Foundation Friday: Both Sides Now

Yesterday the Nonprofiteer sent an e-mail to a community foundation about establishing a donor-advised fund; today she received two e-mails and three phone calls in reply.  Tomorrow, apparently, she’ll receive the document establishing the fund.

It would be unreasonable to expect that level of responsiveness from the program officers when she deals with this foundation as a supplicant on behalf on clients.  Still, it’s worth noting how much easier that interaction is for a donor than for a grantee, though it’s the grantees whose services make the community foundation a vessel worthy of donors’ attention. 

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5 Responses to “Foundation Friday: Both Sides Now”

  1. Anita Bernstein Says:

    Seems a tad unfair to the foundation, because its supplicants don’t really want “responsiveness:” they want $$$ and an imprimatur of approval. Well and good, but I don’t see how they’re entitled to receive money with no more hassle than a donor encounters when she gives it away. Just because recipients are as integral to any charitable transaction as donors doesn’t mean they should be treated the same.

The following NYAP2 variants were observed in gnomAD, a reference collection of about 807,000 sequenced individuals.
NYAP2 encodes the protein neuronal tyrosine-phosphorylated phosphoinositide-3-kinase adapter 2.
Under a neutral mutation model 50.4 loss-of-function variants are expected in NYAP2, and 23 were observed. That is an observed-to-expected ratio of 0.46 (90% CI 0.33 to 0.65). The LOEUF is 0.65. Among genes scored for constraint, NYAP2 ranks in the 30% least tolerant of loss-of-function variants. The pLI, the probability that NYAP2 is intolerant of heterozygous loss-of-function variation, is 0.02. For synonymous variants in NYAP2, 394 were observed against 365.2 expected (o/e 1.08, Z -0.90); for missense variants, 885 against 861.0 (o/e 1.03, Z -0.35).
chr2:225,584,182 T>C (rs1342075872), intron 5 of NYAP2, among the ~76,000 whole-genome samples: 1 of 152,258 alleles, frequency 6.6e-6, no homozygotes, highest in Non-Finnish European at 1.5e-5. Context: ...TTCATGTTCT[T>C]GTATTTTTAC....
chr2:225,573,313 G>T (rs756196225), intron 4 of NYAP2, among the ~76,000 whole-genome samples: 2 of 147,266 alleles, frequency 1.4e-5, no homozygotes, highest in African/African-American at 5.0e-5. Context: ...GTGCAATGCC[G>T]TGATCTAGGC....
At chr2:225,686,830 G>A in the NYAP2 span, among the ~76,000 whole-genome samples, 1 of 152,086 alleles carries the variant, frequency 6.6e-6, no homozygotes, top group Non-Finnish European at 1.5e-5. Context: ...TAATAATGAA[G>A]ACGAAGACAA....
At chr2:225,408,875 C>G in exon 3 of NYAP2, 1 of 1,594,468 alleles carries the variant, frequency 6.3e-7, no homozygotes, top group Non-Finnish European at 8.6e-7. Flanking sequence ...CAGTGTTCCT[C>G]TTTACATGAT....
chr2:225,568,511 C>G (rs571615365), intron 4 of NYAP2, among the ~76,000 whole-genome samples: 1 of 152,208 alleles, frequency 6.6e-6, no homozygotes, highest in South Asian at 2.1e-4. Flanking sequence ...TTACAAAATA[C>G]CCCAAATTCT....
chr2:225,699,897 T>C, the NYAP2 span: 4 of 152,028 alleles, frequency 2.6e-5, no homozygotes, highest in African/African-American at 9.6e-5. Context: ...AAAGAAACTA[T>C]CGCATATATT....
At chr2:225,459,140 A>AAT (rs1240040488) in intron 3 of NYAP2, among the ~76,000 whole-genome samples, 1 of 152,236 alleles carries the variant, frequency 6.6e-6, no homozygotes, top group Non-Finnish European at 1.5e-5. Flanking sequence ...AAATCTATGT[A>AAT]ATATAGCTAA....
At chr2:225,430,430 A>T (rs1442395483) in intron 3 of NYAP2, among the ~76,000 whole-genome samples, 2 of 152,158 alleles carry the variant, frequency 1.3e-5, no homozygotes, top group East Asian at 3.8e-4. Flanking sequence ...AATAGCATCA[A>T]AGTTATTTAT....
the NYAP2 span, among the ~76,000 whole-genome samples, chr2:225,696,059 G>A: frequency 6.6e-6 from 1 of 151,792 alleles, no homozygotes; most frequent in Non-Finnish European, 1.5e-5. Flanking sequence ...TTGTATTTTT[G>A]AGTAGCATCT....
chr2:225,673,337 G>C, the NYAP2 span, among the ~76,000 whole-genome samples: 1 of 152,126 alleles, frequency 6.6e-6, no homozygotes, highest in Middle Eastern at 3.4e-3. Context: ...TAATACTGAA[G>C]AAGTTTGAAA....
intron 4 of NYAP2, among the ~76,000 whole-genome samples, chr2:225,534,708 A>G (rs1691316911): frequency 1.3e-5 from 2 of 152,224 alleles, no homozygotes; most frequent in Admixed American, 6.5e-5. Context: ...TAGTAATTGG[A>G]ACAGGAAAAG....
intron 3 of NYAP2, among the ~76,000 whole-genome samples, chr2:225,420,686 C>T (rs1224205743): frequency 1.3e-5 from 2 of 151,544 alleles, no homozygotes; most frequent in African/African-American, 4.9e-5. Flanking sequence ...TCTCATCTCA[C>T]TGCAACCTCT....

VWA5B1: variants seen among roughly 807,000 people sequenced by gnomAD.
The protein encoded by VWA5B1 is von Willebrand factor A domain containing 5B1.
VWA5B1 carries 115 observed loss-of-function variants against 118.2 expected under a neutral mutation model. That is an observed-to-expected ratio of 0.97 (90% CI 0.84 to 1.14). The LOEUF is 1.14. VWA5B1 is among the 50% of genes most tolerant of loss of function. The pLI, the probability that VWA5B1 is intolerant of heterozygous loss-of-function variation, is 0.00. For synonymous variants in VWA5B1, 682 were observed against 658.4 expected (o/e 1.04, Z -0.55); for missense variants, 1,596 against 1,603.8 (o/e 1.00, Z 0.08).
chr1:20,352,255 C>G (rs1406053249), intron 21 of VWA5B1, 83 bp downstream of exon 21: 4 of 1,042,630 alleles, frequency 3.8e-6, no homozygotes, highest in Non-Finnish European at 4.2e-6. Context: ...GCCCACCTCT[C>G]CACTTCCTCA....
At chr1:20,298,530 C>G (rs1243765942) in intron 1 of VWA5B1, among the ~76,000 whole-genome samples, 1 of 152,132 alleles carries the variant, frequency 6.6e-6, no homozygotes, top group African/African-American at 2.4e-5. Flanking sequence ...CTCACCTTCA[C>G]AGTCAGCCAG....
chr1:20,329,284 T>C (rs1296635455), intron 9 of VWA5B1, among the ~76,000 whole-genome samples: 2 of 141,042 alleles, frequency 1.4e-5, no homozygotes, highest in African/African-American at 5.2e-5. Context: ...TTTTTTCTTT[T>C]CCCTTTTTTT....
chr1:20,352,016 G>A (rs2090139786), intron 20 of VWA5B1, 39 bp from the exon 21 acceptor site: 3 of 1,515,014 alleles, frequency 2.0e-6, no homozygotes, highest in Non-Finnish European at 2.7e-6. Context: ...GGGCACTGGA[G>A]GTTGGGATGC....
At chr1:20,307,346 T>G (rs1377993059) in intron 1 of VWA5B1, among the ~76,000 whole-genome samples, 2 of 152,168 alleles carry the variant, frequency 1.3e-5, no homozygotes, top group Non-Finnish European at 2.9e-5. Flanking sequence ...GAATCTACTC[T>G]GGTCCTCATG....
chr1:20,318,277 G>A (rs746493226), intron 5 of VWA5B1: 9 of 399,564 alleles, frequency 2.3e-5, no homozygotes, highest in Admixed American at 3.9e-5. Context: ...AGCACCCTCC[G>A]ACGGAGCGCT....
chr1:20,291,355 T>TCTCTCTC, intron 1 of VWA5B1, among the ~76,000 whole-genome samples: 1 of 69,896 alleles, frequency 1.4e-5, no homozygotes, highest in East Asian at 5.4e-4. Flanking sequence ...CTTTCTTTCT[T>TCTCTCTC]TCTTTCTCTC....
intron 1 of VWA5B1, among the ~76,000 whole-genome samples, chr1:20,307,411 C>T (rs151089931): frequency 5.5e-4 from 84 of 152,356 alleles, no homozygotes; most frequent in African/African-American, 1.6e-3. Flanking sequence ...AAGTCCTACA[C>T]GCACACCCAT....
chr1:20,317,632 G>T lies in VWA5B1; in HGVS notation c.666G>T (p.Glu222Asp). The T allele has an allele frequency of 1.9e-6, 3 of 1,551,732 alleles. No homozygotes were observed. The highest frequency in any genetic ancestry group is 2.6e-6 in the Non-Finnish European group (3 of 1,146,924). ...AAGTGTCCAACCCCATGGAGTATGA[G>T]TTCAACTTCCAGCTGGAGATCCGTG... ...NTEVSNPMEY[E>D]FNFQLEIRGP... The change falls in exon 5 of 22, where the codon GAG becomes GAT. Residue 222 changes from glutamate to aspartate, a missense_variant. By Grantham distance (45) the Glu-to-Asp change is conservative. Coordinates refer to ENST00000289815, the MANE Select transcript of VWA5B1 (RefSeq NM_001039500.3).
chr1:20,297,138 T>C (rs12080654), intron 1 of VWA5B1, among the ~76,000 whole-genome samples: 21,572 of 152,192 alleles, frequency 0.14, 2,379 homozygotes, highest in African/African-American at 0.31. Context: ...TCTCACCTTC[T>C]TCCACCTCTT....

2. Nonprofiteer Says:

    Of course grant applicants should have to demonstrate need, suitability to provide services, etc.; but they’re mostly happy to do that–it’s being treated with contempt they mind. So in fact they do want responsiveness–as opposed to the (true story) program officer who says, “You can’t leave me a voice mail, you just have to catch me when I happen to be in my office.” Gatekeeping is one thing; throwing mud in the eyes of people standing outside the gate is something else.

  3. Anita Bernstein Says:

    Word!
    Today I, trying to give money away, had an experience on point: I actually rode my bike over to a nonprofit to demand some attention. They had been ignoring my calls and e-mails. Had to talk past a security guard and everything. I thought of the Nonprofiteer: hey, if I’m being hassled this way as a donor, wonder whether recipients take abuse? *light bulb goes on, dimly*

  4. janinsanfran Says:

    Thanks for this. Many individual program officers try to treat prospective grantees with respect. But too often foundations treat grantees as if they existed to generate meaningless paper on impossible schedules. I think, for example, of a foundation that kept making an outfit I work with rejigger its description of the racial groups represented on its board because the grant recording software the foundation used didn’t recognize the categories the board members used about themselves. The list had to be resent multiple times to enable the (all white, of course) office of the foundation to get their forms to work.

    This is the sort of thing grantees experience as disrespect.

  5. Nonprofiteer Says:

    It’s because of this sort of disrespect that the Nonprofiteer solicits nominees to the Foundation Hall of Shame. Contact me by e-mail and you can remain anonymous while ratting out specific named obnoxious funders.

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